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In January I blogged about 'The Year of Eating Everything' and while I started out brimming with enthusiasm and good intentions not to throw any food away I have to be honest and say it's been more 'The Year of Eating Mostly Everything' so far. Damn those little salad bags that turn all seaweedy if you open one and forget about it for a few days. 

But this week's experiment might compensate for any previous failings. In fact, I didn't even consider this particular food item as something that should or could be eaten when I wrote that post. You probably wouldn't have either. 

Can you tell what it is yet?
No, not worms. Candied orange peel. Made from the peel of some large dessert oranges we've been buying from our local garage's inspirationally stocked Spar Parkfoot supermarket near West Malling, Kent. (It was voted Convenience Retailer of the Year in 2014 as well as Best Independent Store and Best Chilled Retailer.) 

However, now I've Googled 'candied orange peel' it appears that the world is already awash with knowledge and recipes... but I am taking a big chunk of satisfaction from the fact that the process I made up as I went along is pretty much identical to the BBC's Good Food recipe here. Except I didn't change the water as instructed in Stage 2 - let's hope there's nothing nutritionally toxic in that oversight!* 

I've yet to try dipping them in chocolate, as this and other on-line recipes suggest, but I might give that a go the next time we have people around for dinner and serve them with coffee. But for now I'm just enjoying their chewy, slightly bitter and crunchy sugariness: they are better than fruit gums, or wine gums, or any other shop bought fruity rubbery sweet.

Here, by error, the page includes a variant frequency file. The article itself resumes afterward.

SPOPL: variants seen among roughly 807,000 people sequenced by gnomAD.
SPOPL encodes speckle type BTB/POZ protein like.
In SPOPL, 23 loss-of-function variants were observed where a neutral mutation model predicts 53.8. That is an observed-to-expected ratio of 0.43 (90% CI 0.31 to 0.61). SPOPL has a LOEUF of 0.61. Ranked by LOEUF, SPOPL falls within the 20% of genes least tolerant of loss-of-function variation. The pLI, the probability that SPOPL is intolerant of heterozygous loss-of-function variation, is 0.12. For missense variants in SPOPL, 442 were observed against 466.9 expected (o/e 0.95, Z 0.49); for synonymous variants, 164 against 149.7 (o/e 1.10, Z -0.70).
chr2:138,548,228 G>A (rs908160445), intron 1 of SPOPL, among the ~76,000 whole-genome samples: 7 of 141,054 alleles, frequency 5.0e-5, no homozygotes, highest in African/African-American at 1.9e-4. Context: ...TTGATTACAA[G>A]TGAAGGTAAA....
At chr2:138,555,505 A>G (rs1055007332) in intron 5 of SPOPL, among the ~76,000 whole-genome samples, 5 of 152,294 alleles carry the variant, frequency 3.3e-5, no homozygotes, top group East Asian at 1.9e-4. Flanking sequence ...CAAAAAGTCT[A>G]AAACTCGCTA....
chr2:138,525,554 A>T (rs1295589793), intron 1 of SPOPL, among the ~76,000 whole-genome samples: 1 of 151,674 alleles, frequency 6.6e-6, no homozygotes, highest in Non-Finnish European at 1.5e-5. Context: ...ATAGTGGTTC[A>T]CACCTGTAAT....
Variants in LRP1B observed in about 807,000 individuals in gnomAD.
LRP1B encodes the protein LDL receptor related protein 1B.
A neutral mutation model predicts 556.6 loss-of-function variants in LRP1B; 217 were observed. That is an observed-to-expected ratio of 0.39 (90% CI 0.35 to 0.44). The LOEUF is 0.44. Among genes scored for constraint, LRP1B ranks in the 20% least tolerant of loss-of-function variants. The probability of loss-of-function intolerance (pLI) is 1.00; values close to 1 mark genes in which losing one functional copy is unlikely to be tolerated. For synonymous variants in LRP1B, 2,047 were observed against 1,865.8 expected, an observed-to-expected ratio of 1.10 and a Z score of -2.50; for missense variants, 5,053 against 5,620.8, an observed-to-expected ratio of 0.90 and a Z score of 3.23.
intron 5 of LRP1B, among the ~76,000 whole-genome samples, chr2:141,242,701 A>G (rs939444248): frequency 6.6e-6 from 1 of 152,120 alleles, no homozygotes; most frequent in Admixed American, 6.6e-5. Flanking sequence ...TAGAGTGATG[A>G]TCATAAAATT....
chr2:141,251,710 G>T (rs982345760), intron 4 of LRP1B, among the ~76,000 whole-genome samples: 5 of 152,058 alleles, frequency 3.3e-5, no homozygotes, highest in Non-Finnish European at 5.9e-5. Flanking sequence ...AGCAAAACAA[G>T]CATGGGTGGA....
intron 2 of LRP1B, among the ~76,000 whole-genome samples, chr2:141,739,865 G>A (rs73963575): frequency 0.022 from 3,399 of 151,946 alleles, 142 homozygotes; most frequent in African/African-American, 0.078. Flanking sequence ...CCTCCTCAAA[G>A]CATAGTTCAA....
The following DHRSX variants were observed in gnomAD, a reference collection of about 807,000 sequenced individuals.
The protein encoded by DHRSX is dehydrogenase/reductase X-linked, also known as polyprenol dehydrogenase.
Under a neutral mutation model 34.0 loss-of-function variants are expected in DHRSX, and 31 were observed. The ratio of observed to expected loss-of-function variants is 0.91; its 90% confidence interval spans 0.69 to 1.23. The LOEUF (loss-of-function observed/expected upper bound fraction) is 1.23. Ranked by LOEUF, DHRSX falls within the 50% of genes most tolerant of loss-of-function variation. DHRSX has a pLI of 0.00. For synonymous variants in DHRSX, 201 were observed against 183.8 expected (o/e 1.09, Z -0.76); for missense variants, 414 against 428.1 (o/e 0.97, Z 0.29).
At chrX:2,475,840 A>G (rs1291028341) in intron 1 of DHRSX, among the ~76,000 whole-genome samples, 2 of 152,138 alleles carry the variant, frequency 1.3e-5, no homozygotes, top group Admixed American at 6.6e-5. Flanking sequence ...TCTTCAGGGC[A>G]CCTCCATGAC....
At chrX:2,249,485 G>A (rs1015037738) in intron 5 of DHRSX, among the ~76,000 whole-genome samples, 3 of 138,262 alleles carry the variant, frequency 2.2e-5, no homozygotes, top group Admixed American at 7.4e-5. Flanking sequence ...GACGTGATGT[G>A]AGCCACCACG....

I'm now inspired to try lemon and lime peel. Grapefruit too. I'm wondering about the subtleties of flavour between clementine and mandarin peel, between common and garden lemons and Meyer lemons. 

You know how there are always new songs being written, new musical arrangements that move and astonish us even though there are only 88 keys and 7 octaves on a piano keyboard? How with only 26 letters in the alphabet writers keep on assembling them into words and creating stories we could not have imagined?  

I feel like that about my little culinary discoveries sometimes. Small leaps of imagination and curiosity that produce something new, or new to me at least.

Wonder. I guess that's what we all must have and pursue. It brings light to our lives.   

Hungry Writing Prompt
Write about some wondrous things.

* Tipping away that first batch of water removes some of the bitterness from the peel. And the end result is definitely better. Why don't recipes tell you stuff like this?!

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